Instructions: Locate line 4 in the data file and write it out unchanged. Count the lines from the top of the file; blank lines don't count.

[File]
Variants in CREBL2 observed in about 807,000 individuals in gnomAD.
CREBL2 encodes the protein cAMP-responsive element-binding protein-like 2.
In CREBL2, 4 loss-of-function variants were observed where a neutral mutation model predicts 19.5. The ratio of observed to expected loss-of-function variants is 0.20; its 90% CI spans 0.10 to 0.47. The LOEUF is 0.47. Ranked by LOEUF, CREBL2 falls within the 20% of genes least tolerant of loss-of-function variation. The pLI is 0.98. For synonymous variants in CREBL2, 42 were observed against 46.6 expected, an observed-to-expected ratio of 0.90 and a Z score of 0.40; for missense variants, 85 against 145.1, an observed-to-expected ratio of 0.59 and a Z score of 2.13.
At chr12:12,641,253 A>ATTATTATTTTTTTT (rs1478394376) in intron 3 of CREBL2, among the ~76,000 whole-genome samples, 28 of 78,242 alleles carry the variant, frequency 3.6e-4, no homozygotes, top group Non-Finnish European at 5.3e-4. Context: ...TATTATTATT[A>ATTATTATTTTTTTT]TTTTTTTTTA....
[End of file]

At chr12:12,641,253 A>ATTATTATTTTTTTT (rs1478394376) in intron 3 of CREBL2, among the ~76,000 whole-genome samples, 28 of 78,242 alleles carry the variant, frequency 3.6e-4, no homozygotes, top group Non-Finnish European at 5.3e-4. Context: ...TATTATTATT[A>ATTATTATTTTTTTT]TTTTTTTTTA....